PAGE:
To find an alternative for quality-adjusted life-year (QALY) and equal value of life (EVL) measures. Despite the importance of QALY in cost-effectiveness analysis (CEA)—because it captures the effects of both life expectancy and health-related quality of life (QOL) and enables comparisons across interventions and disease areas—its potential to be discriminatory towards patients with lower QOL presents a critical challenge that has resulted in the exclusion of its use in some public decision making (eg, US Medicare) on healthcare in the United States. Alternatives to QALY, such as EVL, have not gained traction because EVL fails to recognize the QOL gains during added years of life.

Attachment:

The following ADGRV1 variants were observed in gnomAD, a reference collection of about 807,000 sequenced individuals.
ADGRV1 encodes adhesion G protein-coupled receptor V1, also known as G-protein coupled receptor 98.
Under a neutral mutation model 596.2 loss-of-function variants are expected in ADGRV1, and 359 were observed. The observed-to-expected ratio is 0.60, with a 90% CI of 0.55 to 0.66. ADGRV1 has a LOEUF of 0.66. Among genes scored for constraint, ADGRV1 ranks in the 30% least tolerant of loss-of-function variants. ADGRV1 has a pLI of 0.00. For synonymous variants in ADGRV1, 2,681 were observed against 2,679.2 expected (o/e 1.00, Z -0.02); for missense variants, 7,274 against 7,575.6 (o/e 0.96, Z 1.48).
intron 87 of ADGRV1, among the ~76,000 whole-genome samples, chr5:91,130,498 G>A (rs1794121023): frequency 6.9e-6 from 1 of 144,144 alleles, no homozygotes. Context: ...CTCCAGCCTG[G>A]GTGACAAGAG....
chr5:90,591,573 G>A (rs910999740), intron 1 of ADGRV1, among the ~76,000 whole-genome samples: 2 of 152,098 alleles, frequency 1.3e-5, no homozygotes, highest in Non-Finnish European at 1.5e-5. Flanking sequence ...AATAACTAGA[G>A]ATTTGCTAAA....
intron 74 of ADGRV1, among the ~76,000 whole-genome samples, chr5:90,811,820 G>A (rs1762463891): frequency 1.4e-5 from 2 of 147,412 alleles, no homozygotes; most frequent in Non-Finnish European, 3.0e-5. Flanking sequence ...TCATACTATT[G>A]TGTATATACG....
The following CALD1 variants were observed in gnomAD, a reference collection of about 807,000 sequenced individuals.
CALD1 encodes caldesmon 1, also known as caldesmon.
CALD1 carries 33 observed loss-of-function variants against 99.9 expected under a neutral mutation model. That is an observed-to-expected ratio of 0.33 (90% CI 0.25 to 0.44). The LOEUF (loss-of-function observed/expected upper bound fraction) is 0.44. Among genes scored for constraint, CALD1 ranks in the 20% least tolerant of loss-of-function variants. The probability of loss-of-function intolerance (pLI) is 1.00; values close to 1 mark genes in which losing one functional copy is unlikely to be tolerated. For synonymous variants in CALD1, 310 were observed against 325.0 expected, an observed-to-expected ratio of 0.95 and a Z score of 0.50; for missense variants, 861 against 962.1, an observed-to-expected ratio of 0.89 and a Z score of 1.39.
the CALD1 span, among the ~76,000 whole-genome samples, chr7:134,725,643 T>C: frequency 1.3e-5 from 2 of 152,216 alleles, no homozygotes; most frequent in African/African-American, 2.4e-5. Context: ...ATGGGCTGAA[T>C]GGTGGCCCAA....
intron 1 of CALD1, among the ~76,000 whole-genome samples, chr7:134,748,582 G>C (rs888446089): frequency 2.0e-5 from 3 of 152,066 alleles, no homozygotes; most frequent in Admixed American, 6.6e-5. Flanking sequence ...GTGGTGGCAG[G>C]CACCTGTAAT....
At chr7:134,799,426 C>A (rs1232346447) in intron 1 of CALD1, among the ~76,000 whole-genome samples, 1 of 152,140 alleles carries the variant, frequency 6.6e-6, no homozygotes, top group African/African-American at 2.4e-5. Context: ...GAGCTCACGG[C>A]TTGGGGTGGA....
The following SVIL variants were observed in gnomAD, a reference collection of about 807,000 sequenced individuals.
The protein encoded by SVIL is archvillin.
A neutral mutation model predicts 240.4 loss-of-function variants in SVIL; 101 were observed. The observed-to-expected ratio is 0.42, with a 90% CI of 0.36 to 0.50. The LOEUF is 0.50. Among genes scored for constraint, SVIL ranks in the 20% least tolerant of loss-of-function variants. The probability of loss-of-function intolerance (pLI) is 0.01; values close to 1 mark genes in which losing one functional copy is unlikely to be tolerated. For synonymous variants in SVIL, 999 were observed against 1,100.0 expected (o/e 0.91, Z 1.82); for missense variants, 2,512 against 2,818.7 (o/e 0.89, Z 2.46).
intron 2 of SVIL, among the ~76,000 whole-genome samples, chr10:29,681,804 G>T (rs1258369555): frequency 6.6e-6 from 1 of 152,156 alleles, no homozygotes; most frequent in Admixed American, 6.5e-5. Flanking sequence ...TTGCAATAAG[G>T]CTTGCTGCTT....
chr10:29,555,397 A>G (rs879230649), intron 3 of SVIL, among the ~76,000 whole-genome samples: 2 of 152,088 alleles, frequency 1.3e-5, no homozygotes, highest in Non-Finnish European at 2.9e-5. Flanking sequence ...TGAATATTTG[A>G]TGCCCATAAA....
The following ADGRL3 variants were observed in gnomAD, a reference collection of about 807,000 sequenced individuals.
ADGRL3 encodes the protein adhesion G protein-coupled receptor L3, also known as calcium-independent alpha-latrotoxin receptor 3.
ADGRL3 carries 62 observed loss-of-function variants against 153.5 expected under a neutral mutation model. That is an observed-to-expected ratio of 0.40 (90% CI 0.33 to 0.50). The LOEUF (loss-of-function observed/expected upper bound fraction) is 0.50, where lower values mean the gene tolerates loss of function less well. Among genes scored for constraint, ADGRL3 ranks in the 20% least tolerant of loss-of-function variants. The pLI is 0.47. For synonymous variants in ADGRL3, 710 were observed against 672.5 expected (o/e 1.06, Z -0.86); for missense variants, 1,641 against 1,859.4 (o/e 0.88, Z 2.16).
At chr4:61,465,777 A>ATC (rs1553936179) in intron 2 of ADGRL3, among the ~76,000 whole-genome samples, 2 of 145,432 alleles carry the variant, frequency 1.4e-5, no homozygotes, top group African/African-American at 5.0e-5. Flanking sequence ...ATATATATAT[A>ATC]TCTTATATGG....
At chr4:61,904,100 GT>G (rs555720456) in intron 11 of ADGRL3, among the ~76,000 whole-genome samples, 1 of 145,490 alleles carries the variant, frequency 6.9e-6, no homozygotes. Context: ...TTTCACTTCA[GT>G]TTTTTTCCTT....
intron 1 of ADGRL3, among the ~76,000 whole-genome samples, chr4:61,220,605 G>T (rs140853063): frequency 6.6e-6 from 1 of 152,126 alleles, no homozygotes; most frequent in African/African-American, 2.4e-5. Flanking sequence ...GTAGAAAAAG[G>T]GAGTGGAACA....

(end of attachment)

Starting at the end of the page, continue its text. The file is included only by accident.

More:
We present a new metric for effectiveness for CEA, health years in total (HYT), which overcomes both the specific distributional issue raised by QALY and the efficiency challenges of EVL.
The HYT framework separates life expectancy changes and QOL changes on an additive scale. HYT have the same axiomatic foundations as QALY and perform better than both QALY, in terms of the discriminatory implications, and EVL, in terms of capturing QOL gains during added years of life. HYT are straightforward to calculate within a CEA model. We found that thresholds of $34 000/HYT and $89 000/HYT correspond to CEA thresholds of $50 000/QALY and $150 000/QALY, respectively.
The HYT framework may provide a viable alternative to both the QALY and the EVL; its application to diverse healthcare technologies and stakeholder assessments are important next steps in its development and evaluation.
Anirban Basu Josh Carlson David Veenstra